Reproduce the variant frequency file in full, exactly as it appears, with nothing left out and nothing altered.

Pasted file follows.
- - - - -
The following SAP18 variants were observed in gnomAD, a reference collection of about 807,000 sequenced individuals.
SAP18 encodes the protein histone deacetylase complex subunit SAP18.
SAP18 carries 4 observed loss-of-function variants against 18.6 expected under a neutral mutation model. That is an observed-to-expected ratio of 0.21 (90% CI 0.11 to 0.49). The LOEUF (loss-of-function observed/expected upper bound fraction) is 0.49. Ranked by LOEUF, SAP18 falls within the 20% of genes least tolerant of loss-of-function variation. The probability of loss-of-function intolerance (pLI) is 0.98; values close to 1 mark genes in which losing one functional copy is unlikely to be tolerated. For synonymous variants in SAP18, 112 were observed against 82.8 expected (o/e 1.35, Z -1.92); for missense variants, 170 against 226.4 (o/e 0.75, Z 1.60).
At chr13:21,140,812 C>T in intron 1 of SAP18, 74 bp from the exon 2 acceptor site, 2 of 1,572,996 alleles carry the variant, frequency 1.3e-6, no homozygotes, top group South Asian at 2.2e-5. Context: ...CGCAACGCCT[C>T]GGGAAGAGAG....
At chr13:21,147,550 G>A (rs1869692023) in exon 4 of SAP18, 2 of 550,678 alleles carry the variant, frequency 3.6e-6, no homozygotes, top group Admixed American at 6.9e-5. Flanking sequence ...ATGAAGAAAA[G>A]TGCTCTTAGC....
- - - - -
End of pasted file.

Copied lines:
The following SAP18 variants were observed in gnomAD, a reference collection of about 807,000 sequenced individuals.
SAP18 encodes the protein histone deacetylase complex subunit SAP18.
SAP18 carries 4 observed loss-of-function variants against 18.6 expected under a neutral mutation model. That is an observed-to-expected ratio of 0.21 (90% CI 0.11 to 0.49). The LOEUF (loss-of-function observed/expected upper bound fraction) is 0.49. Ranked by LOEUF, SAP18 falls within the 20% of genes least tolerant of loss-of-function variation. The probability of loss-of-function intolerance (pLI) is 0.98; values close to 1 mark genes in which losing one functional copy is unlikely to be tolerated. For synonymous variants in SAP18, 112 were observed against 82.8 expected (o/e 1.35, Z -1.92); for missense variants, 170 against 226.4 (o/e 0.75, Z 1.60).
At chr13:21,140,812 C>T in intron 1 of SAP18, 74 bp from the exon 2 acceptor site, 2 of 1,572,996 alleles carry the variant, frequency 1.3e-6, no homozygotes, top group South Asian at 2.2e-5. Context: ...CGCAACGCCT[C>T]GGGAAGAGAG....
At chr13:21,147,550 G>A (rs1869692023) in exon 4 of SAP18, 2 of 550,678 alleles carry the variant, frequency 3.6e-6, no homozygotes, top group Admixed American at 6.9e-5. Flanking sequence ...ATGAAGAAAA[G>A]TGCTCTTAGC....